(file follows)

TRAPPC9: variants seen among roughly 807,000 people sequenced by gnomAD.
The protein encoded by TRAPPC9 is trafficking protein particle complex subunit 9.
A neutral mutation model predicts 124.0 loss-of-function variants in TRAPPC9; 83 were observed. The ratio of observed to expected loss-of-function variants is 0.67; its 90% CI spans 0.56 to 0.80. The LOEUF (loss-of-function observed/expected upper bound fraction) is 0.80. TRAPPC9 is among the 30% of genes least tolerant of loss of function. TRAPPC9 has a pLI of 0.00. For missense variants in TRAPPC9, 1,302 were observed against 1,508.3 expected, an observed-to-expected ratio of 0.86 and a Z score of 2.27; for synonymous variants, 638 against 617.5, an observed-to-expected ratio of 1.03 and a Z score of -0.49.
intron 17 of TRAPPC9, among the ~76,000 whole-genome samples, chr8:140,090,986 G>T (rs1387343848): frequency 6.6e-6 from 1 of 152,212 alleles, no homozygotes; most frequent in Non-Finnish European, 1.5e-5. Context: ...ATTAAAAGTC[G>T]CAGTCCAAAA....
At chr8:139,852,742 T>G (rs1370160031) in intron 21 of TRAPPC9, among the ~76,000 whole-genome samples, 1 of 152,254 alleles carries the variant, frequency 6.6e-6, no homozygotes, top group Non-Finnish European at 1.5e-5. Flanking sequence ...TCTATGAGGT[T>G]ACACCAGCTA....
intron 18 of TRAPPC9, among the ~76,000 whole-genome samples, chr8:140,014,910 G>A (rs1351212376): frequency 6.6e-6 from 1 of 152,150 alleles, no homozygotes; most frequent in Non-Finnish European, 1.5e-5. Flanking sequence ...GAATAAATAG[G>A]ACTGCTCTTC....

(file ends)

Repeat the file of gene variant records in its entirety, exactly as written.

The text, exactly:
TRAPPC9: variants seen among roughly 807,000 people sequenced by gnomAD.
The protein encoded by TRAPPC9 is trafficking protein particle complex subunit 9.
A neutral mutation model predicts 124.0 loss-of-function variants in TRAPPC9; 83 were observed. The ratio of observed to expected loss-of-function variants is 0.67; its 90% CI spans 0.56 to 0.80. The LOEUF (loss-of-function observed/expected upper bound fraction) is 0.80. TRAPPC9 is among the 30% of genes least tolerant of loss of function. TRAPPC9 has a pLI of 0.00. For missense variants in TRAPPC9, 1,302 were observed against 1,508.3 expected, an observed-to-expected ratio of 0.86 and a Z score of 2.27; for synonymous variants, 638 against 617.5, an observed-to-expected ratio of 1.03 and a Z score of -0.49.
intron 17 of TRAPPC9, among the ~76,000 whole-genome samples, chr8:140,090,986 G>T (rs1387343848): frequency 6.6e-6 from 1 of 152,212 alleles, no homozygotes; most frequent in Non-Finnish European, 1.5e-5. Context: ...ATTAAAAGTC[G>T]CAGTCCAAAA....
At chr8:139,852,742 T>G (rs1370160031) in intron 21 of TRAPPC9, among the ~76,000 whole-genome samples, 1 of 152,254 alleles carries the variant, frequency 6.6e-6, no homozygotes, top group Non-Finnish European at 1.5e-5. Flanking sequence ...TCTATGAGGT[T>G]ACACCAGCTA....
intron 18 of TRAPPC9, among the ~76,000 whole-genome samples, chr8:140,014,910 G>A (rs1351212376): frequency 6.6e-6 from 1 of 152,150 alleles, no homozygotes; most frequent in Non-Finnish European, 1.5e-5. Flanking sequence ...GAATAAATAG[G>A]ACTGCTCTTC....